In this week’s text from Luke 3, John the Baptizer’s message of separating the wheat from chaff and the possibility of an unquenchable fire sounds like it’s all about division, good and evil, us and them. He seems to be saying, “You better watch out! The Messiah’s coming and He’s going to set you straight!”
I have a sense that John expected Jesus to condemn to hell those he thought needed to be punished forever. And, I bet John thought that Jesus would reward those who- like John himself- thought they deserved grace. I wonder if John the Baptizer may have underestimated the grace-filled love of God.
Could it be that he was shocked by the grace that was shown to him and others? His words proclaimed one thing- fire and damnation- but what we know of Jesus, His love, mercy, and grace is all-inclusive; available to all.
For God so loved the world … not just some of us, and certainly not just those that deserve God’s love, mercy and grace, but the world! He sent not His Son into the world to condemn the world, but that the world might be saved through Him. (John 3: 16-17)
While John’s sermon wasn’t “warm and fuzzy,” I believe his message reminds us that when our hearts and minds are changed by God’s grace — through the power and presence of the Holy Spirit- our actions change, too.
Jesus, the One who comes — the One who John felt unworthy to even untie the straps of His sandals — is God’s Help from Heaven; Emmanuel, God with Us.
The One who sings over us with delight.
The One who came to save us.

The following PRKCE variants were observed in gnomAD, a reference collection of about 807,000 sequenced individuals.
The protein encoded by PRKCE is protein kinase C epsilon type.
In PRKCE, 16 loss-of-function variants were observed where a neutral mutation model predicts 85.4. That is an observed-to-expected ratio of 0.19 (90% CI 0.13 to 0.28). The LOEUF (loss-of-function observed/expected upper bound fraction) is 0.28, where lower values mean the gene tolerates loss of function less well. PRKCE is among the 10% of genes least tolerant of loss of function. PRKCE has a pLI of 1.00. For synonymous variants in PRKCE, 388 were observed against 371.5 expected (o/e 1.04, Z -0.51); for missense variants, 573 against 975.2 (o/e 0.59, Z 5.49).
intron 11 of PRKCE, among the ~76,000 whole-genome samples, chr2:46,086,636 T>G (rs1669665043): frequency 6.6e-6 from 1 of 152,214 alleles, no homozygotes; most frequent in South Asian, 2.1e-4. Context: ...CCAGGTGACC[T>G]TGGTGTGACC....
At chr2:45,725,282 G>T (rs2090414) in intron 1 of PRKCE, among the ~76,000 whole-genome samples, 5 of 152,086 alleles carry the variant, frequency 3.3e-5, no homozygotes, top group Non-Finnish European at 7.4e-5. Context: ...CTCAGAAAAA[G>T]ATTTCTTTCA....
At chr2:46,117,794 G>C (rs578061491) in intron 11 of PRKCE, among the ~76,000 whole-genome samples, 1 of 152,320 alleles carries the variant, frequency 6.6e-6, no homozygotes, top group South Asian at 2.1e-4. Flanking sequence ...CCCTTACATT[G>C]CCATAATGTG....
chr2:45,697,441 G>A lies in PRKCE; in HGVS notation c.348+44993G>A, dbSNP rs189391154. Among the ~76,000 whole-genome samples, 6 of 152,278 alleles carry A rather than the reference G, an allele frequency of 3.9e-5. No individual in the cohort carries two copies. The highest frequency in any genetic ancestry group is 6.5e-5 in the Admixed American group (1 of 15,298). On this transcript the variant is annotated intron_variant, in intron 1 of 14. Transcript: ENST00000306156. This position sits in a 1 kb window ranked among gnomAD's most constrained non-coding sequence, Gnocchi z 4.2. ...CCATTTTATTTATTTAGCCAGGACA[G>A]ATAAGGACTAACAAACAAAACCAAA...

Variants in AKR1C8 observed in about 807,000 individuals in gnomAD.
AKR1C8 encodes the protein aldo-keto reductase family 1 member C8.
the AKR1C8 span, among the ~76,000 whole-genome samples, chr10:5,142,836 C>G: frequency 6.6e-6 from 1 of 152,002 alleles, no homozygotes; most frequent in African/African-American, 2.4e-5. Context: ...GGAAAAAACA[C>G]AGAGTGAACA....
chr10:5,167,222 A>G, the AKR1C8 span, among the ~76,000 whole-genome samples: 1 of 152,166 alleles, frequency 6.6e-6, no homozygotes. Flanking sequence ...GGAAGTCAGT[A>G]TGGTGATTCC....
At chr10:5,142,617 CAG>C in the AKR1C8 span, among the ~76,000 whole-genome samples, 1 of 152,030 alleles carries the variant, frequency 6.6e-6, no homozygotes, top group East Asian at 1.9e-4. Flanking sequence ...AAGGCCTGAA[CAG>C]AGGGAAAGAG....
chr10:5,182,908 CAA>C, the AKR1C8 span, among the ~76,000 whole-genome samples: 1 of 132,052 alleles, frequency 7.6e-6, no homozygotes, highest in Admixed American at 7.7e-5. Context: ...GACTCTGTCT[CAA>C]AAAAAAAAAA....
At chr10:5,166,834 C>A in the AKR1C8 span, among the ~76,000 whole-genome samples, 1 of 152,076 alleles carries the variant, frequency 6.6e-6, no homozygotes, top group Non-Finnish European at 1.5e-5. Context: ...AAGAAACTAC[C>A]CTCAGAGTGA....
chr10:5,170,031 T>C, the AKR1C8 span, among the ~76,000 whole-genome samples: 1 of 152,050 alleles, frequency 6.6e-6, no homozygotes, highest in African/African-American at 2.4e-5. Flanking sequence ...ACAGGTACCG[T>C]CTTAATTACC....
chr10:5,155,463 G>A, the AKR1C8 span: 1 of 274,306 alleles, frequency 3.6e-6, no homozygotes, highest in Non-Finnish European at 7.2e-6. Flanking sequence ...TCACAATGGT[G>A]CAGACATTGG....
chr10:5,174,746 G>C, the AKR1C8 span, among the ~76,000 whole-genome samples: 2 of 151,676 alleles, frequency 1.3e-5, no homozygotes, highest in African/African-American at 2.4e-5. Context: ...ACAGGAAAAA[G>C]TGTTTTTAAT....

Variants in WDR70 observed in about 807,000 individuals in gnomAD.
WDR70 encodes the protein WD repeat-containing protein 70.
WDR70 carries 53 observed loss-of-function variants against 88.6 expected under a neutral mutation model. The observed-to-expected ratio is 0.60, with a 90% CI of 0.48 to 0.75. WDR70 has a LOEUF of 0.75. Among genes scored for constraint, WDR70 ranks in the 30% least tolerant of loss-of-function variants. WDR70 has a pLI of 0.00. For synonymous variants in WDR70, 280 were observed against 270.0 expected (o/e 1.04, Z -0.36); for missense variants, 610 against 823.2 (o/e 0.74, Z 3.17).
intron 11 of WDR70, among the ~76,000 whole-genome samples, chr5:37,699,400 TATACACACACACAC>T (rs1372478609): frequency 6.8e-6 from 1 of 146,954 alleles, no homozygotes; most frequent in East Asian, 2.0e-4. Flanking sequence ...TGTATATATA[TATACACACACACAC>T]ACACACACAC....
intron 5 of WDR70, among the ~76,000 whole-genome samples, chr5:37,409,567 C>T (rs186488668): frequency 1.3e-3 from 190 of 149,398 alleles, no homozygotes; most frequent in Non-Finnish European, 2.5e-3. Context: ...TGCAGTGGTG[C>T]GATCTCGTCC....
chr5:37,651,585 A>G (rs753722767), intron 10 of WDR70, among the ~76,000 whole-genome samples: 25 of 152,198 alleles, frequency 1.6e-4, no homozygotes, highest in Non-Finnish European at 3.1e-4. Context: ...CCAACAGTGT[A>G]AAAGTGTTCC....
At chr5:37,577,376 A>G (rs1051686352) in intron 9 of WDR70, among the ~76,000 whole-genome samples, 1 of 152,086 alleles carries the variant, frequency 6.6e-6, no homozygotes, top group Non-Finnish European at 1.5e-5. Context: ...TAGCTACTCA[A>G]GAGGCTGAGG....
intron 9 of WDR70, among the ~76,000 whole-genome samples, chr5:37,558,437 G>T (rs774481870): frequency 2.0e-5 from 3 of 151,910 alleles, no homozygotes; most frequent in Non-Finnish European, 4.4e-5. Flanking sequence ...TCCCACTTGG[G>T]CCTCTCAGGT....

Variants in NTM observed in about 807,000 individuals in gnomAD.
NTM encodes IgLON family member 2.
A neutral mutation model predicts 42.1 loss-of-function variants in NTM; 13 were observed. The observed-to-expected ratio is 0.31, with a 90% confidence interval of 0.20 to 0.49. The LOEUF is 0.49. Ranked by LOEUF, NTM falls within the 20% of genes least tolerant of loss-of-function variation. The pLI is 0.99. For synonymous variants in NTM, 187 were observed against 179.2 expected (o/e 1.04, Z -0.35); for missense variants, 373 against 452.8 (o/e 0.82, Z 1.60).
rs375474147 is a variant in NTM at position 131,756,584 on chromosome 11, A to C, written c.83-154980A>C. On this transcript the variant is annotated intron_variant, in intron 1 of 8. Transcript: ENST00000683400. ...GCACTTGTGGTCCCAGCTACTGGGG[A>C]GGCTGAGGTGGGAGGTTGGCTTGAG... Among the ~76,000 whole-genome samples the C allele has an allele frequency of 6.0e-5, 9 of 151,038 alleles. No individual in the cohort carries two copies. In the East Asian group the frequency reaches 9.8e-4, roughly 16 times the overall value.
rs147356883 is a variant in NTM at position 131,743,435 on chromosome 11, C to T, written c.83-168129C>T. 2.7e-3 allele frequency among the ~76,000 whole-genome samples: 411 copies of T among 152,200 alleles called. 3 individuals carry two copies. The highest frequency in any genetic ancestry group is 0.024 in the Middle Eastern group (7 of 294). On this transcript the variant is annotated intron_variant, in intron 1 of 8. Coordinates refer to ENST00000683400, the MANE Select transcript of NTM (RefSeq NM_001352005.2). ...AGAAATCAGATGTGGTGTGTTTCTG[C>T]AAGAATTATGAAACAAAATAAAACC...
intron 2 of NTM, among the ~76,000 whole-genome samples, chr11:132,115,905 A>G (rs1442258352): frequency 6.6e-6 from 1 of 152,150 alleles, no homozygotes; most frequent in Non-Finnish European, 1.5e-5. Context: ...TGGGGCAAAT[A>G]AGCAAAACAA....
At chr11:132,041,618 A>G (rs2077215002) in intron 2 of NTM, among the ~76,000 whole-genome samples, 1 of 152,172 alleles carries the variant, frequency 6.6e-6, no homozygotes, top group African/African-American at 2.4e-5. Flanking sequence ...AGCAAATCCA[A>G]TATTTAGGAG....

Phillip Gulley and James Mulholland share this story in their book If Grace is True:
“When my son was five, we were preparing to attend a function where we all needed to be well-dressed. We gave my son a bath and put on his nicest clothes, and then my wife and I began to prepare ourselves. Our son, bored and impatient, asked to go outside and play. We finally gave in but made it clear that he was not to get dirty. He promised to be good. About five minutes after he went outside, our doorbell rang. Standing at our door was our neighbor and a little boy with mud caked from the top of his head to the tip of his toe. He had tried to jump over a puddle and failed. Our neighbor asked, ‘Is this your son?’
For a moment, I thought about saying no. But grace won out. I took him by the hand and led him upstairs to his second bath. I claimed him and I cleaned him. His filthy condition did not change our relationship. Indeed, it only emphasized how much he needed me.” [And, how much Daddy loved him].
That’s the good news of the gospel, my Friends! May God’s grace overwhelm us as the Holy Spirit comforts, convicts, challenges, and transforms us.
Let not your hands grow weak.
The Lord your God is in your midst, a mighty one who will save;
He will rejoice over you with gladness;
He will quiet you by His love;
He will exult over you with loud singing. Zephaniah 3:17 (ESV)